We are clearly the pioneer with our product in Germany. I have to say that there is nothing that can really hold a candle to us in any form. But in the international context, there are of course some exciting competitors who are also good. But I think what we're particularly good at, because that's been a bit of the idea and philosophy of CeleraOne from the very beginning, is the whole issue of tracking data, using the data to build segments from it, applying rules to the most diverse segments, applying offers, and also checking the offers in A/B/X testing. I think that's what we're really extremely good at, and we can do it in real time. We have developed our own - we call it "in-memory" - technology, and with this in-memory technology we can of course record, process and expand all data in real time and then use it for targeting, i.e. per click and with tens of thousands of simultaneous readers. And that, I think, is just the exciting thing, that you can say, "There are ten thousand readers or ten thousand readers right now in this second or in this minute, and each of those individual readers could get a different offer based on their cohort or their segment. And the very moment he clicks, he's re-categorized again, re-divided into a segment, and then in that segment, there's just some rule going on that gives him an offer." So, and that's not somehow 2 days later that you approach him, but at that very moment when he shows interest or overriding interest in some topic. That, I think, is what we are extremely good at, and that's where the founding idea came from in the end, to develop a streaming technology of user streams and to run some kind of actions based on these user streams. And that ended up with actions for the publishing industry.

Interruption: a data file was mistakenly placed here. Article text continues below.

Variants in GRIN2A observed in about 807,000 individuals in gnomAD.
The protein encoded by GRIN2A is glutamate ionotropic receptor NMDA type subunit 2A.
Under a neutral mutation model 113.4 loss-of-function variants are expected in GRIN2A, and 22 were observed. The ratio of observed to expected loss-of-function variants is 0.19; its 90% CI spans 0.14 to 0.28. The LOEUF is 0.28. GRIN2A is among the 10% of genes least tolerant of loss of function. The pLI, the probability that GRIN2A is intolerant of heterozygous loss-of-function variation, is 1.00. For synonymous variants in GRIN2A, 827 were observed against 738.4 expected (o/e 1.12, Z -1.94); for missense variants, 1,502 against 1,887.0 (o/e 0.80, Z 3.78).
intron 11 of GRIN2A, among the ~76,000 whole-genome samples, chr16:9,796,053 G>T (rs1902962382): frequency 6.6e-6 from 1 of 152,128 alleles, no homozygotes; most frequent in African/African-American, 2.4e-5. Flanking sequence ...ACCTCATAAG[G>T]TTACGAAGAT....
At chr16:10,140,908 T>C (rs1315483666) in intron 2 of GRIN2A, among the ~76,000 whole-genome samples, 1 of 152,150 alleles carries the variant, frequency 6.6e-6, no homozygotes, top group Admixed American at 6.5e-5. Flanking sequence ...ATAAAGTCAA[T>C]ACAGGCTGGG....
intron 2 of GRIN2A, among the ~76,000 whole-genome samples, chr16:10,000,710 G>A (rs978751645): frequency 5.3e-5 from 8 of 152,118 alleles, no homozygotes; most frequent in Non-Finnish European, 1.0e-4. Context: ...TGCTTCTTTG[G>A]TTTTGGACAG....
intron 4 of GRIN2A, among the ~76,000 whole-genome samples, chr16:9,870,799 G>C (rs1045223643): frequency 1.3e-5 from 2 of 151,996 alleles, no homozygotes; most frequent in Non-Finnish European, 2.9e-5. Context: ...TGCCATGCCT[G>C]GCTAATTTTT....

Benjamin Kolb [00:13:48]: